by Ron Spomer
Seven rules for scoping up for western mule deer.
Without a scope to aim it, the most accurate, powerful, flat-shooting mule deer rifle is little better than a .30-30 Winchester lever-action.
Despite all the hype surrounding “magnum” cartridges and long-range bullets, superior scopes are required for them to live up to their potential. Putting the sight (reticle) on the same focal plane as the visually enlarged target makes it possible to wring the long range potential from today’s flat-shooting cartridges and bullets. But which scope?
Too many shooters assume that a long-range mule deer scope must include an objective lens the diameter of a beer can and magnification suitable for an astronomical telescope. In truth, a 3-9x40mm or 4-12x42mm scope is more than capable of directing bullets precisely to any mule deer 99.9 percent of shooters are likely to engage.
This doesn’t mean that a 4-16x50mm, or a 3.5-18x44mm, or an even bigger scope is useless. They’ll work just fine. They might even provide slightly superior light transmission and a bit of useful magnification. But they’ll also add a lot of bulk and weight to your system, and when you’re hiking upwards of 10 miles a day, much of it vertical, weight is not your friend.
Whether you opt for a trim, 13-ounce 2.5-8x36mm or 24-ounce 5-25x50mm scope, be sure to buy one with the right ingredients.
Follow this outline and you can’t go wrong:
1. One-piece aluminum main tube – This is the chassis that holds everything together. A one-piece unit is stronger and more durable than one that joins twin tubes to the center turret. Skip the weakening joints and it’s easier to keep moisture out, too. Aluminum has proven more than strong enough. Almost no one makes steel scope tubes anymore. If aluminum is good enough for fighter jets, it’s tough enough for rifle scopes.
2. Fully multi-coated lenses – This phrase means every air-to-glass surface within the scope is coated with multiple layers of anti-reflection coatings. This gives maximum light transmission (brightness) with minimum bulk and weight. A properly, fully multi-coated 10X scope with 40mm objective will be significantly brighter than a single-coated 10X with a big 56mm objective. The rule? Size matters, but anti-reflection coatings matter more.
3. Lifetime guarantee – This might seem silly, but it suggests the scope is built well enough to deliver the next category, which is essential to performance. To judge the things you can’t see, you must rely on reputation, price and how well a company stands behind its product. Any company that guarantees a scope for life must know that it’s so well built they’ll probably never have to repair it.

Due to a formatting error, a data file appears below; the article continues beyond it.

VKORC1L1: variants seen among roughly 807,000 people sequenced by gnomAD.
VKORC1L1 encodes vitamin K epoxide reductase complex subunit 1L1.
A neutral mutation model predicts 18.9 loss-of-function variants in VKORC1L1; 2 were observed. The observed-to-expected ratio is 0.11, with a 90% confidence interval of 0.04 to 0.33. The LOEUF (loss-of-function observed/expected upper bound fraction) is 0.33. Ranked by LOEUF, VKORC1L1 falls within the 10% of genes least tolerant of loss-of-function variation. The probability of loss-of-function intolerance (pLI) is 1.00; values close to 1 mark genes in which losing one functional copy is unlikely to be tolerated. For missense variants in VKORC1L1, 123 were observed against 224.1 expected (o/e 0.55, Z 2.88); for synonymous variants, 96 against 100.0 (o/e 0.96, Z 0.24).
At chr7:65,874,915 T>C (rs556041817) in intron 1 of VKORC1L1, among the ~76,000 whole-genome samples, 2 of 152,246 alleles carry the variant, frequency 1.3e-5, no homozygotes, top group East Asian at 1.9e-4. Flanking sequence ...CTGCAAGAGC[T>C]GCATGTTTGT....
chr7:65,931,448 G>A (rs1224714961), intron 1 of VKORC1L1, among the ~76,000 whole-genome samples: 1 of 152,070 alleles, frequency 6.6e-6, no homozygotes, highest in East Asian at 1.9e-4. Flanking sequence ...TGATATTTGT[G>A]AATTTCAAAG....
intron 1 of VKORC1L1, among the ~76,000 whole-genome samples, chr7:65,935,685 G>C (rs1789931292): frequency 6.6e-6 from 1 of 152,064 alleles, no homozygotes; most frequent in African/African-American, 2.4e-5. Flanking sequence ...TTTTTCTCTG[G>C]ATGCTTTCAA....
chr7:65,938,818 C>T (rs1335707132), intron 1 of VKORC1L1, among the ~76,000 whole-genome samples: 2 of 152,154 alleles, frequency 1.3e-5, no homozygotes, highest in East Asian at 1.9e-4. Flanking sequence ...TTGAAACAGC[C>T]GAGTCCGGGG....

4. Repeatable durability – By this we mean the ability to hold zero come recoil or high water. I’d rather have a scope that’s 50 percent darker than one that can’t keep its crosshair where I zeroed it.
The best way to know a scope will “hold zero” is to zero the scope, then “shoot the square.” This means dialing the windage and elevation turrets to direct bullets in specific directions for specific distances. Here’s how: Set your zero and fire a shot. Turn the elevation dial as many clicks as required to shift the next shot 4 inches down (this would be 16 clicks in a scope with 1/4-inch click adjustments.) Fire a shot while aiming at the same aiming point as you did for your first shot. The new bullet should land 4 inches below the hole punched by your zero bullet. Next, dial as required to shift 4 inches right and fire a shot. Then dial 4 inches up and shoot, then 4 inches left and shoot. The last shot should land within your rifle’s accuracy potential near the initial shot. By drawing straight lines from shot to shot in sequence, you should get a big square.
5. Repeat dialing – If you’re going to play the “dial and shoot” game, meaning you’ll dial corrections into the scope for long-range shooting, it must dial accurately. Shooting the square will reveal this. Scopes must be built precisely and durably to dial accurately every time. Don’t expect a $200 unit to do this.
6. Recoil endurance – This applies to you, but here we’re talking about your scope. Even if the scope’s reticle adjustments are slightly off, it could still perform consistently if it can hold zero. To test for this, shoot at least 20 rounds, preferably 40 rounds, during general practice. This can be done over hours, days or even weeks. The idea is to put 20 to 40-rounds of recoil pressure on the scope to “shake loose” any weak parts. If, after this many shots, the zero holds, it will probably hold for hundreds or even thousands more.
7. Consider a fixed power – If you want to minimize potential scope malfunctions, avoid the bells and whistles and get a fixed 6X. There are almost no moving parts to screw up. With practice, you can train yourself to place shots accurately to 500 yards with a 6X, not that I recommend anyone but an expert’s expert try 500-yard shots. However, with today’s superior rifles, scopes and bullets, a disciplined, highly-trained shooter can shoot ethically and score at that distance.
But not without a dependable scope. And now you know what a dependable scope is.
Ron is rifles/optics columnist for Sporting Classics and North American Hunter magazines and host of Winchester World of Whitetail on NBC Sports. Learn more at (www.ronspomeroutdoors.com)[hs_action id=”8244″]
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